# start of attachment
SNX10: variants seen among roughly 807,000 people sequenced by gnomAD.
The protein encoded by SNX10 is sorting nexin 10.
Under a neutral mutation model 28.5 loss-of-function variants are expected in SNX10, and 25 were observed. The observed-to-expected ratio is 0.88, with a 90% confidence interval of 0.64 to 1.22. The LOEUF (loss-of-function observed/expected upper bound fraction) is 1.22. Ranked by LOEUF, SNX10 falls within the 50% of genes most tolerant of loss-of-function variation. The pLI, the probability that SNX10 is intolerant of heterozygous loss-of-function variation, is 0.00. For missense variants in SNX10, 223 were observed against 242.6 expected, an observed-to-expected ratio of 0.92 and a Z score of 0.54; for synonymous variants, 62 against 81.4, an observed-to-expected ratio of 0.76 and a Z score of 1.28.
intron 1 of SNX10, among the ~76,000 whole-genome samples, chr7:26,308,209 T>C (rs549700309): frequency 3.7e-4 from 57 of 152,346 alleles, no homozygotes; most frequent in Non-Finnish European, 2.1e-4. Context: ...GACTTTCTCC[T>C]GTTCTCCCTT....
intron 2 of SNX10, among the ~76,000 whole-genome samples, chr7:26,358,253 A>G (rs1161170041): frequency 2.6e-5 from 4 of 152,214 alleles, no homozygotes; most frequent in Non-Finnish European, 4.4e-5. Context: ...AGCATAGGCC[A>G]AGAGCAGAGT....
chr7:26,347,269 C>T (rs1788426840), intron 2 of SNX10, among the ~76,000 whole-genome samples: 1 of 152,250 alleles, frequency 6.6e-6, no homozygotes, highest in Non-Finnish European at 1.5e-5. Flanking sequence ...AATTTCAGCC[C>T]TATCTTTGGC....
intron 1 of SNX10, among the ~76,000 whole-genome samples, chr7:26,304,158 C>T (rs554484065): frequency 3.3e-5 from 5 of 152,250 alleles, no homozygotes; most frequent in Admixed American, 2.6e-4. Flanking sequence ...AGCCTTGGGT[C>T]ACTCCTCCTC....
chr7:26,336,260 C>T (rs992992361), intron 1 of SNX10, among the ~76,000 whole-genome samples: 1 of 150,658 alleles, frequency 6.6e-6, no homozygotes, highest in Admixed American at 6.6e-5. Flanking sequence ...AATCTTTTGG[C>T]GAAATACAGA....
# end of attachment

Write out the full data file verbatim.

SNX10: variants seen among roughly 807,000 people sequenced by gnomAD.
The protein encoded by SNX10 is sorting nexin 10.
Under a neutral mutation model 28.5 loss-of-function variants are expected in SNX10, and 25 were observed. The observed-to-expected ratio is 0.88, with a 90% confidence interval of 0.64 to 1.22. The LOEUF (loss-of-function observed/expected upper bound fraction) is 1.22. Ranked by LOEUF, SNX10 falls within the 50% of genes most tolerant of loss-of-function variation. The pLI, the probability that SNX10 is intolerant of heterozygous loss-of-function variation, is 0.00. For missense variants in SNX10, 223 were observed against 242.6 expected, an observed-to-expected ratio of 0.92 and a Z score of 0.54; for synonymous variants, 62 against 81.4, an observed-to-expected ratio of 0.76 and a Z score of 1.28.
intron 1 of SNX10, among the ~76,000 whole-genome samples, chr7:26,308,209 T>C (rs549700309): frequency 3.7e-4 from 57 of 152,346 alleles, no homozygotes; most frequent in Non-Finnish European, 2.1e-4. Context: ...GACTTTCTCC[T>C]GTTCTCCCTT....
intron 2 of SNX10, among the ~76,000 whole-genome samples, chr7:26,358,253 A>G (rs1161170041): frequency 2.6e-5 from 4 of 152,214 alleles, no homozygotes; most frequent in Non-Finnish European, 4.4e-5. Context: ...AGCATAGGCC[A>G]AGAGCAGAGT....
chr7:26,347,269 C>T (rs1788426840), intron 2 of SNX10, among the ~76,000 whole-genome samples: 1 of 152,250 alleles, frequency 6.6e-6, no homozygotes, highest in Non-Finnish European at 1.5e-5. Flanking sequence ...AATTTCAGCC[C>T]TATCTTTGGC....
intron 1 of SNX10, among the ~76,000 whole-genome samples, chr7:26,304,158 C>T (rs554484065): frequency 3.3e-5 from 5 of 152,250 alleles, no homozygotes; most frequent in Admixed American, 2.6e-4. Flanking sequence ...AGCCTTGGGT[C>T]ACTCCTCCTC....
chr7:26,336,260 C>T (rs992992361), intron 1 of SNX10, among the ~76,000 whole-genome samples: 1 of 150,658 alleles, frequency 6.6e-6, no homozygotes, highest in Admixed American at 6.6e-5. Flanking sequence ...AATCTTTTGG[C>T]GAAATACAGA....